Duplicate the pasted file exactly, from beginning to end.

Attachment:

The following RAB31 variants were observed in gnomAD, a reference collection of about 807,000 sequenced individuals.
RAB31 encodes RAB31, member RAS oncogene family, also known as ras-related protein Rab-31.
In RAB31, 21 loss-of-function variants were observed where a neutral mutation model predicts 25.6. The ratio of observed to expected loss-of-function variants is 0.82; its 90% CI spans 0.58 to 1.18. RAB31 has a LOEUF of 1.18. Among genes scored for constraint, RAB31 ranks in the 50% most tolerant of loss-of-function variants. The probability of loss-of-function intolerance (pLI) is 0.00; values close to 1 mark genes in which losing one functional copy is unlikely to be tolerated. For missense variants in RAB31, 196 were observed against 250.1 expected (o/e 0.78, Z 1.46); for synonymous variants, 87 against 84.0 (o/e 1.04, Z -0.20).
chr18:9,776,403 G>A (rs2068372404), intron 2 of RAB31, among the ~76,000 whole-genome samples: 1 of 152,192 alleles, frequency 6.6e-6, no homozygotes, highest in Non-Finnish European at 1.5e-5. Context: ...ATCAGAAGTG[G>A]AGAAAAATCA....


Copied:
The following RAB31 variants were observed in gnomAD, a reference collection of about 807,000 sequenced individuals.
RAB31 encodes RAB31, member RAS oncogene family, also known as ras-related protein Rab-31.
In RAB31, 21 loss-of-function variants were observed where a neutral mutation model predicts 25.6. The ratio of observed to expected loss-of-function variants is 0.82; its 90% CI spans 0.58 to 1.18. RAB31 has a LOEUF of 1.18. Among genes scored for constraint, RAB31 ranks in the 50% most tolerant of loss-of-function variants. The probability of loss-of-function intolerance (pLI) is 0.00; values close to 1 mark genes in which losing one functional copy is unlikely to be tolerated. For missense variants in RAB31, 196 were observed against 250.1 expected (o/e 0.78, Z 1.46); for synonymous variants, 87 against 84.0 (o/e 1.04, Z -0.20).
chr18:9,776,403 G>A (rs2068372404), intron 2 of RAB31, among the ~76,000 whole-genome samples: 1 of 152,192 alleles, frequency 6.6e-6, no homozygotes, highest in Non-Finnish European at 1.5e-5. Context: ...ATCAGAAGTG[G>A]AGAAAAATCA....